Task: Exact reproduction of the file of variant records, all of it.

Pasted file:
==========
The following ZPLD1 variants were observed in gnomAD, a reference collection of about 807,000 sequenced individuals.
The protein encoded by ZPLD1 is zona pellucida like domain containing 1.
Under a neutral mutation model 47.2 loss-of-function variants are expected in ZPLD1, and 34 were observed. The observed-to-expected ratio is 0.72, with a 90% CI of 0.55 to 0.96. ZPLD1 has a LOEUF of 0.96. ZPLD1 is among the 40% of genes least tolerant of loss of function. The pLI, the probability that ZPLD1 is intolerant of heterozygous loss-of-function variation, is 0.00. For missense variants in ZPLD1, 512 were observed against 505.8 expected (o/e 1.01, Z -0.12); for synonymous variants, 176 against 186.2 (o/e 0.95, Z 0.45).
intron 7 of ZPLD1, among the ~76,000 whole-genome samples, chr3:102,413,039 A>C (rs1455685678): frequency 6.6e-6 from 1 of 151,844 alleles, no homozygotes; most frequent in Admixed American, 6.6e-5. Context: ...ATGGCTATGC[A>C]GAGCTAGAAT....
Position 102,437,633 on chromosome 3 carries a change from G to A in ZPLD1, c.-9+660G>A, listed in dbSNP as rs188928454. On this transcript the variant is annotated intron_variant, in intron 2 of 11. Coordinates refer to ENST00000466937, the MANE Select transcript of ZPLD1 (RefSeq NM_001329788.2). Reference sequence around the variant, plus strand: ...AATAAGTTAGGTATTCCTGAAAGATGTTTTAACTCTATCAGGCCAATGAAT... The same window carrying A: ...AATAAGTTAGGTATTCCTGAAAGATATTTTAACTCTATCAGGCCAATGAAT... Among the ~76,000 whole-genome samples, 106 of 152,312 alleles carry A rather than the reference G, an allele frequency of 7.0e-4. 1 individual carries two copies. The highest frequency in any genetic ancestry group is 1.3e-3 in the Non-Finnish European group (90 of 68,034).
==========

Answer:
The following ZPLD1 variants were observed in gnomAD, a reference collection of about 807,000 sequenced individuals.
The protein encoded by ZPLD1 is zona pellucida like domain containing 1.
Under a neutral mutation model 47.2 loss-of-function variants are expected in ZPLD1, and 34 were observed. The observed-to-expected ratio is 0.72, with a 90% CI of 0.55 to 0.96. ZPLD1 has a LOEUF of 0.96. ZPLD1 is among the 40% of genes least tolerant of loss of function. The pLI, the probability that ZPLD1 is intolerant of heterozygous loss-of-function variation, is 0.00. For missense variants in ZPLD1, 512 were observed against 505.8 expected (o/e 1.01, Z -0.12); for synonymous variants, 176 against 186.2 (o/e 0.95, Z 0.45).
intron 7 of ZPLD1, among the ~76,000 whole-genome samples, chr3:102,413,039 A>C (rs1455685678): frequency 6.6e-6 from 1 of 151,844 alleles, no homozygotes; most frequent in Admixed American, 6.6e-5. Context: ...ATGGCTATGC[A>C]GAGCTAGAAT....
Position 102,437,633 on chromosome 3 carries a change from G to A in ZPLD1, c.-9+660G>A, listed in dbSNP as rs188928454. On this transcript the variant is annotated intron_variant, in intron 2 of 11. Coordinates refer to ENST00000466937, the MANE Select transcript of ZPLD1 (RefSeq NM_001329788.2). Reference sequence around the variant, plus strand: ...AATAAGTTAGGTATTCCTGAAAGATGTTTTAACTCTATCAGGCCAATGAAT... The same window carrying A: ...AATAAGTTAGGTATTCCTGAAAGATATTTTAACTCTATCAGGCCAATGAAT... Among the ~76,000 whole-genome samples, 106 of 152,312 alleles carry A rather than the reference G, an allele frequency of 7.0e-4. 1 individual carries two copies. The highest frequency in any genetic ancestry group is 1.3e-3 in the Non-Finnish European group (90 of 68,034).